On Remand from the Supreme Court of the United States
Cummings, Pell,*fn* and Bauer, Circuit Judges.
In Moore v. Illinois, 434 U.S. 220, 98 S. Ct. 458, 54 L. Ed. 2d 424 (1977), the Supreme Court of the United States reversed the judgment of this Court affirming the district court's denial of Moore's petition for a writ of habeas corpus. In its opinion, the Court held that petitioner's right to the assistance of counsel was violated by a corporeal identification of him made in the absence of counsel after the initiation of adversary judicial proceedings against him. Accordingly, the Court declared that testimony presented at trial concerning the victim's identification of Moore at the pretrial confrontation was per se excludable under Gilbert v. California, 388 U.S. 263, 18 L. Ed. 2d 1178, 87 S. Ct. 1951 (1967). The Court then remanded the case here for a determination of whether the admission of the testimony about the pretrial identification of Moore was harmless constitutional error under Chapman v. California, 386 U.S. 18, 17 L. Ed. 2d 705, 87 S. Ct. 824 (1967). In addition, the Court left us free to reconsider in the light of its opinion other issues we had resolved that the Court did not choose to pass upon: namely, whether the victim's in-court identification of Moore at trial was unreliable in view of the suggestive pretrial confrontation that had occurred, Manson v. Brathwaite, 432 U.S. 98, 109-114, 53 L. Ed. 2d 140, 97 S. Ct. 2243 (1977); whether the in-court identification at trial was based on a source other than the uncounseled pretrial confrontation, United States v. Wade, 388 U.S. 218, 239-42, 18 L. Ed. 2d 1149, 87 S. Ct. 1926 (1967); and whether the failure to provide petitioner's counsel a transcript of the preliminary hearing at which the suggestive confrontation occurred constituted prejudicial constitutional error under Roberts v. LaVallee, 389 U.S. 40, 88 S. Ct. 194, 19 L. Ed. 2d 41 (1967).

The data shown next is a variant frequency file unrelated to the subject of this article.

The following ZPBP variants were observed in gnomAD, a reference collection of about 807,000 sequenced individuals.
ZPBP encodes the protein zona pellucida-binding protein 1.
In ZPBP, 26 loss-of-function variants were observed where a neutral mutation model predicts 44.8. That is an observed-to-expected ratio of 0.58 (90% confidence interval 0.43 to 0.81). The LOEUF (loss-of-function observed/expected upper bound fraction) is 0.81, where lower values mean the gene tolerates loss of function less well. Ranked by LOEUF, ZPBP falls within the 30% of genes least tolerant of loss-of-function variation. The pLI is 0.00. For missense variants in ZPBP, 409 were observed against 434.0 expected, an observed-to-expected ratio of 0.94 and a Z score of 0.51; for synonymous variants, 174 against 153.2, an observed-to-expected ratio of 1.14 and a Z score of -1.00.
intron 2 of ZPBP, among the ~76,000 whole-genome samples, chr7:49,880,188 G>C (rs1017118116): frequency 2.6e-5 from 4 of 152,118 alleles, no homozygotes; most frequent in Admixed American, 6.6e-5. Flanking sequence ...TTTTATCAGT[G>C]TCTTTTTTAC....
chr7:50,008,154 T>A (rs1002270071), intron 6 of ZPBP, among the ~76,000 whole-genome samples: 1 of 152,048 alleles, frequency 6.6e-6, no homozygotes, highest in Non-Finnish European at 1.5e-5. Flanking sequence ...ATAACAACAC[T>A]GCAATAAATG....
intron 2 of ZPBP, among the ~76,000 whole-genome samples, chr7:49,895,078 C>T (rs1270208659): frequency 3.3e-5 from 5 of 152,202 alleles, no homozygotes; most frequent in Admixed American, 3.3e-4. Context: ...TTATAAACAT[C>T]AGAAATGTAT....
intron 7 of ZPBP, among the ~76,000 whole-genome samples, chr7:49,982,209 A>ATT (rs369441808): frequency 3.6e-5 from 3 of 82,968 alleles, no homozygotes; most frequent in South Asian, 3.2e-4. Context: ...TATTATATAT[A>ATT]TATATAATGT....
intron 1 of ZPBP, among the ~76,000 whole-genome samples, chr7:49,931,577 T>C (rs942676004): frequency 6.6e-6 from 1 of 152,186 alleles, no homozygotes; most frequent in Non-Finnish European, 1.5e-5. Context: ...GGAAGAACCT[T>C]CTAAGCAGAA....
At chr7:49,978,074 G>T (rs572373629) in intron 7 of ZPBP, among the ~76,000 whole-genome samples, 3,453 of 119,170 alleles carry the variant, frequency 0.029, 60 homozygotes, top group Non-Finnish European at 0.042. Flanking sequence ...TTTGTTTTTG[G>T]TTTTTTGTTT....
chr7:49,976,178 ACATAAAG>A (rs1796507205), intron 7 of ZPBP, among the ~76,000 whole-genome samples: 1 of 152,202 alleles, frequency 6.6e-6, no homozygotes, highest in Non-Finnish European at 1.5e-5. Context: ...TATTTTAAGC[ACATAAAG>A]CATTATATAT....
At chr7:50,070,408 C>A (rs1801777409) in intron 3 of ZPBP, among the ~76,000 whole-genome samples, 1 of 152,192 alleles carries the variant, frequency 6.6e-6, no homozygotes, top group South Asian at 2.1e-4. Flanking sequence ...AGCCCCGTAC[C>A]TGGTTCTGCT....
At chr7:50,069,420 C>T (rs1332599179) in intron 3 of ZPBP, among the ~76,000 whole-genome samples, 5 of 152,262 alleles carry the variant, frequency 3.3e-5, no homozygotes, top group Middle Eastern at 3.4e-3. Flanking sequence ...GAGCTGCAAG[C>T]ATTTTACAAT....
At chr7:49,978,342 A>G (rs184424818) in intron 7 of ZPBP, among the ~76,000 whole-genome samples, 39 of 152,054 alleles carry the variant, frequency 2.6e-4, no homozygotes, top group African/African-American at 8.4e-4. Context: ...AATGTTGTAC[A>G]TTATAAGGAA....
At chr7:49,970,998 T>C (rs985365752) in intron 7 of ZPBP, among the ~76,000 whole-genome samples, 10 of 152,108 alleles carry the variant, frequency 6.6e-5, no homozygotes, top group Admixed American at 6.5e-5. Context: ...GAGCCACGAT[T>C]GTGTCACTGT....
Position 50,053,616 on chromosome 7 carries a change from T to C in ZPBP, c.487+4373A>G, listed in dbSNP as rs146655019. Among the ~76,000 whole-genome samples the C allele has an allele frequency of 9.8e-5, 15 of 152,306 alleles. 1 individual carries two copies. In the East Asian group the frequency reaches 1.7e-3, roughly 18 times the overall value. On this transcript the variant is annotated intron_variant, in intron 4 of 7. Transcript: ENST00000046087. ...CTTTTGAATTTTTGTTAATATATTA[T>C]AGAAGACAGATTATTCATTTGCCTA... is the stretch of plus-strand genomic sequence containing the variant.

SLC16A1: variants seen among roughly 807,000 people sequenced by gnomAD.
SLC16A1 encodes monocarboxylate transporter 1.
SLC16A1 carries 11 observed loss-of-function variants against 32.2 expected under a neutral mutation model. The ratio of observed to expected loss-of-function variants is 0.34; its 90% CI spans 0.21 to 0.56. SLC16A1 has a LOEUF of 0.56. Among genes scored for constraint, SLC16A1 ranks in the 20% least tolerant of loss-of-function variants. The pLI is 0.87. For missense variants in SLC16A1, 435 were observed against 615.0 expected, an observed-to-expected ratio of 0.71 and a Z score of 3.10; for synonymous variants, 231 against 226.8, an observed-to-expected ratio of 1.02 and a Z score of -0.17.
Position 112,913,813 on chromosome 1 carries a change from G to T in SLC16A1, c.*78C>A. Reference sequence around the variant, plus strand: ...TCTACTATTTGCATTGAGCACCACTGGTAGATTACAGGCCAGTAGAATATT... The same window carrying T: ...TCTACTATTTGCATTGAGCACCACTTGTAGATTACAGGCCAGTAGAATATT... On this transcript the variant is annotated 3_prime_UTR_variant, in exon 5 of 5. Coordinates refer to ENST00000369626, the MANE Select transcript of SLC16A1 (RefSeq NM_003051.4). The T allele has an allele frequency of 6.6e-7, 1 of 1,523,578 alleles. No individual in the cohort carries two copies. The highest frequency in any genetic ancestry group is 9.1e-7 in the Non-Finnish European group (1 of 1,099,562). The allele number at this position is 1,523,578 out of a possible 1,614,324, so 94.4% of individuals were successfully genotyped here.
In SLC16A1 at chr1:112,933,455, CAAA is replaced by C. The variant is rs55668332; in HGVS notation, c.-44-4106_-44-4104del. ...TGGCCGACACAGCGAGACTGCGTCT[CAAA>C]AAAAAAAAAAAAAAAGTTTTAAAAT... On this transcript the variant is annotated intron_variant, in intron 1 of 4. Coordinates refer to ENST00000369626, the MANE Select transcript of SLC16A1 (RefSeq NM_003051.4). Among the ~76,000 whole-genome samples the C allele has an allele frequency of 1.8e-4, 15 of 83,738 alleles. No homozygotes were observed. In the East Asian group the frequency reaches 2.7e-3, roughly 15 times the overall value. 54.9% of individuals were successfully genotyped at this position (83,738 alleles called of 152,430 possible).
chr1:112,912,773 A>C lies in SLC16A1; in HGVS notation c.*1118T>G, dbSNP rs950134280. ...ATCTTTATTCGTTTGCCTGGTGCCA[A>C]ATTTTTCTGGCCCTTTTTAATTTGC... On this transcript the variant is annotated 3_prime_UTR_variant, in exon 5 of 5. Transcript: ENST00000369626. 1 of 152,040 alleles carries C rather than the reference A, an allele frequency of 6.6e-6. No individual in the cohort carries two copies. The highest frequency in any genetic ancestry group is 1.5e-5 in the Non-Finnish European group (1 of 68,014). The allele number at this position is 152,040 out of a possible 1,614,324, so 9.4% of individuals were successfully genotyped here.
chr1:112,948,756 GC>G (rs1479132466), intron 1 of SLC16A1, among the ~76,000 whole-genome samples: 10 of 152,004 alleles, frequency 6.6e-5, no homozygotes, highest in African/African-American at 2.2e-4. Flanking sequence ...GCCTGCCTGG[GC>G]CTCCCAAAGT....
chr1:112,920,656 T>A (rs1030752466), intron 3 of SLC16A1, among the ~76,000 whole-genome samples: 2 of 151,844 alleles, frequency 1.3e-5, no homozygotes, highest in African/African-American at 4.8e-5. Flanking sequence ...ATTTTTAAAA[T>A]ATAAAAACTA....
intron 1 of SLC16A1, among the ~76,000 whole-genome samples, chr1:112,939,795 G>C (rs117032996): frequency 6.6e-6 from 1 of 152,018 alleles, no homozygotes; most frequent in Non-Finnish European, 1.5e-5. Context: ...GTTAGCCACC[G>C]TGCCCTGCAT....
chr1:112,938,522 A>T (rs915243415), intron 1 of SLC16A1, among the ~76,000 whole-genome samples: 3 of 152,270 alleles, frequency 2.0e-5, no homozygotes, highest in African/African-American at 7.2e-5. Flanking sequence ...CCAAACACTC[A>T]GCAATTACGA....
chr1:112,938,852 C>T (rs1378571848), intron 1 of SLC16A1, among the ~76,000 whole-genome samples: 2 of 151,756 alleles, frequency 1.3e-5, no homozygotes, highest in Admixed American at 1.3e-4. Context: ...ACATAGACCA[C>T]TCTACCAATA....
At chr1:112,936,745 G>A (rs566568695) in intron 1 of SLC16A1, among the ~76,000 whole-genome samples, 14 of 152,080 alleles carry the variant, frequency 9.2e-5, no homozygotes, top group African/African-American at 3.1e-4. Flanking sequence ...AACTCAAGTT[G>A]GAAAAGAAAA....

Inasmuch as the relevant historical facts underlying petitioner's constitutional claims are not in dispute,*fn1 we have determined that a remand of this case to the district court is unnecessary to the resolution of the question presented to us on remand from the Supreme Court. For the reasons noted below, we hold that the admission of the testimony regarding the victim's pretrial identification of Moore was harmless beyond a reasonable doubt. Chapman v. California, 386 U.S. 18, 17 L. Ed. 2d 705, 87 S. Ct. 824 (1967). Accordingly, we again affirm the district court's denial of Moore's petition for a writ of habeas corpus.
For purposes of our review of the harmless error question presented, we have deemed ourselves bound by the statement of facts set out in the Supreme Court's opinion, as well as the Court's resolution of the ambiguity in the record as to whether the victim selected more than one photograph from the second photographic display presented to her.*fn2 See Moore v. Illinois, 434 U.S. 220, 98 S. Ct. 458, 461-62 n.6, 54 L. Ed. 2d 424 (1977).